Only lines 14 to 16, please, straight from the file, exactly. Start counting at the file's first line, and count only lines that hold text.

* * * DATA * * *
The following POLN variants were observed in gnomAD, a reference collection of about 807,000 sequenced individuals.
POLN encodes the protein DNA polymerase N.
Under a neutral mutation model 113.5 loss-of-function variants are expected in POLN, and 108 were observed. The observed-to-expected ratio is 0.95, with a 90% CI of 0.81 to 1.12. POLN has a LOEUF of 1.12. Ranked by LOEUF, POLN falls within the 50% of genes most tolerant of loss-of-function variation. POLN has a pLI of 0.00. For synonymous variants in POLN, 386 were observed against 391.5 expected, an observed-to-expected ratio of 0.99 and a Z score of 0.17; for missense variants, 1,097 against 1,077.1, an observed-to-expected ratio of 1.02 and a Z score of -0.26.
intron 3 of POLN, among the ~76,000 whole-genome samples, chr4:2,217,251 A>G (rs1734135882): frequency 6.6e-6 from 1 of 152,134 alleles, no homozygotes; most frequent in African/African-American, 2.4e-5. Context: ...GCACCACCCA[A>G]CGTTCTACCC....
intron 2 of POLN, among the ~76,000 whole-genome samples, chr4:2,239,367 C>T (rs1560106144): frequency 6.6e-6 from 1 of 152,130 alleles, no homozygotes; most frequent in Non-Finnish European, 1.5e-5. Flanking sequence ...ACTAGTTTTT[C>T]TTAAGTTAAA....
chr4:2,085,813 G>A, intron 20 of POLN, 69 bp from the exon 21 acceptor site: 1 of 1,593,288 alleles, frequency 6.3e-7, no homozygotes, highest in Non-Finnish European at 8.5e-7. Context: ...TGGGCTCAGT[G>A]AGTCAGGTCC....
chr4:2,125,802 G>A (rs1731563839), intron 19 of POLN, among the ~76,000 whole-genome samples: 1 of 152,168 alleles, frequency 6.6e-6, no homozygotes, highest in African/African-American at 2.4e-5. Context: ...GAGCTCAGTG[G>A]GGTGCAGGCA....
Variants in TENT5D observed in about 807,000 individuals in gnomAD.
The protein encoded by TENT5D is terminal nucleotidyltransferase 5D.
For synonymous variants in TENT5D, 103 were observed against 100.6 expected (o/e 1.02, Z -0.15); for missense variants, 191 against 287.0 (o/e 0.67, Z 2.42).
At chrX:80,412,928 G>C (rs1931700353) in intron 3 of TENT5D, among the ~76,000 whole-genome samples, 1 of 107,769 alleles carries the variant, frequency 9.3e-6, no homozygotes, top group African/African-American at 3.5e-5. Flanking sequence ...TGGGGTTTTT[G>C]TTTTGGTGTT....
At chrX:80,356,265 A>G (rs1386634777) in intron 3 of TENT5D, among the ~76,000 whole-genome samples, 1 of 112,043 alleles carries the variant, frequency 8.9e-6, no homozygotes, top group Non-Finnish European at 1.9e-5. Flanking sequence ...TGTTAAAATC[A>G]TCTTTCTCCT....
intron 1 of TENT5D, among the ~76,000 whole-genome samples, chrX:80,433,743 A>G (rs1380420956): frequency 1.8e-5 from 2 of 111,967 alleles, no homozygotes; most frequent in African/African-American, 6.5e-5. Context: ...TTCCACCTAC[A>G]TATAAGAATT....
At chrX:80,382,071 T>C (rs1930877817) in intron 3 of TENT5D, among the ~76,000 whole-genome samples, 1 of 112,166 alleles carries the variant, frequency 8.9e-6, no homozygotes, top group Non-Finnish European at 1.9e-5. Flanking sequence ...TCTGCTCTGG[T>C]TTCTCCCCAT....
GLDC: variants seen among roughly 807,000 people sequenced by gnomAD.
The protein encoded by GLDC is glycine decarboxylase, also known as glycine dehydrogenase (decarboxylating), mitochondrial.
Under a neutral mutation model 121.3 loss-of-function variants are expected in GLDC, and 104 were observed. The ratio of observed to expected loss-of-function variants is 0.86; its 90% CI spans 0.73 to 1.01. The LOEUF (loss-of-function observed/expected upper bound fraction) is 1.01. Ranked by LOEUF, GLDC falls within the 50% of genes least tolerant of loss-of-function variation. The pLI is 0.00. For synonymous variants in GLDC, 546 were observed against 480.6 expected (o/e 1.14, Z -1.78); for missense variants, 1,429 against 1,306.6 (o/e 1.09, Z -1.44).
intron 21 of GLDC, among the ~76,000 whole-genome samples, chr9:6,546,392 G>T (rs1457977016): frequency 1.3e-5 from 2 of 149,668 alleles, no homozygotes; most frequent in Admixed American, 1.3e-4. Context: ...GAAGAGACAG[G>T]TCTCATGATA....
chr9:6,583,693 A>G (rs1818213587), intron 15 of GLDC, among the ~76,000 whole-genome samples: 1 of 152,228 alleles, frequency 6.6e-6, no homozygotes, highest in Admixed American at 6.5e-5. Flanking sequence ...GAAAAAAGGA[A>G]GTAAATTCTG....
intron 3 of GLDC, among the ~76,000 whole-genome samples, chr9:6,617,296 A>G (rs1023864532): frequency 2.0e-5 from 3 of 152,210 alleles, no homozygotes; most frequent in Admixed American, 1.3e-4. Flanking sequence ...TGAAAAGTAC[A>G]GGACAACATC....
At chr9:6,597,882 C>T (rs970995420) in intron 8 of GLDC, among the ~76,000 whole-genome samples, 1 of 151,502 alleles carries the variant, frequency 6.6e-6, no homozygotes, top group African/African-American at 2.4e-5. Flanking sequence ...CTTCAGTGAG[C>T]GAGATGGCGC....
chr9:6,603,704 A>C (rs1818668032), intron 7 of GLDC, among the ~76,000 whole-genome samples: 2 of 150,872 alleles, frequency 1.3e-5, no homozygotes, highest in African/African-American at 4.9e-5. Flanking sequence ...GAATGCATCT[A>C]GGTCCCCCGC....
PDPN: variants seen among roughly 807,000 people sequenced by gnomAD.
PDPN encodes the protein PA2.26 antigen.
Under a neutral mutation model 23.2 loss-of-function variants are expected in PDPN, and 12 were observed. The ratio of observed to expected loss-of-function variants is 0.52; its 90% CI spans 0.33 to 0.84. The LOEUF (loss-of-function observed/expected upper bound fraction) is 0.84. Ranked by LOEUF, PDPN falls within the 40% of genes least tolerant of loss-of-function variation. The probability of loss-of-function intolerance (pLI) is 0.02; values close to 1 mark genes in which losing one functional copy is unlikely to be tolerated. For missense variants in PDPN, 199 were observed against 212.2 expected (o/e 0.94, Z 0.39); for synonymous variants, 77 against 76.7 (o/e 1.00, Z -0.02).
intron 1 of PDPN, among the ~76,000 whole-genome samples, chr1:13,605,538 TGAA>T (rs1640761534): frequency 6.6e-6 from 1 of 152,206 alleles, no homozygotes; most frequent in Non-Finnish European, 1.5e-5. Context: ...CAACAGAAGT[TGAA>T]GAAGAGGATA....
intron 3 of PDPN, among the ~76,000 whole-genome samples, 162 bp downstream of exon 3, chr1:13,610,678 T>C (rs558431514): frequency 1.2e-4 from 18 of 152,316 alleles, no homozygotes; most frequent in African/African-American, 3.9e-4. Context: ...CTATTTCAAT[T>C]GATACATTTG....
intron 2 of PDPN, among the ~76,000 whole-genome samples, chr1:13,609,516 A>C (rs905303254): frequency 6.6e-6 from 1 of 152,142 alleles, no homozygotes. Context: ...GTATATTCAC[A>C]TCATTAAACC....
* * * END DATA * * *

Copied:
At chrX:80,382,071 T>C (rs1930877817) in intron 3 of TENT5D, among the ~76,000 whole-genome samples, 1 of 112,166 alleles carries the variant, frequency 8.9e-6, no homozygotes, top group Non-Finnish European at 1.9e-5. Flanking sequence ...TCTGCTCTGG[T>C]TTCTCCCCAT....
GLDC: variants seen among roughly 807,000 people sequenced by gnomAD.
The protein encoded by GLDC is glycine decarboxylase, also known as glycine dehydrogenase (decarboxylating), mitochondrial.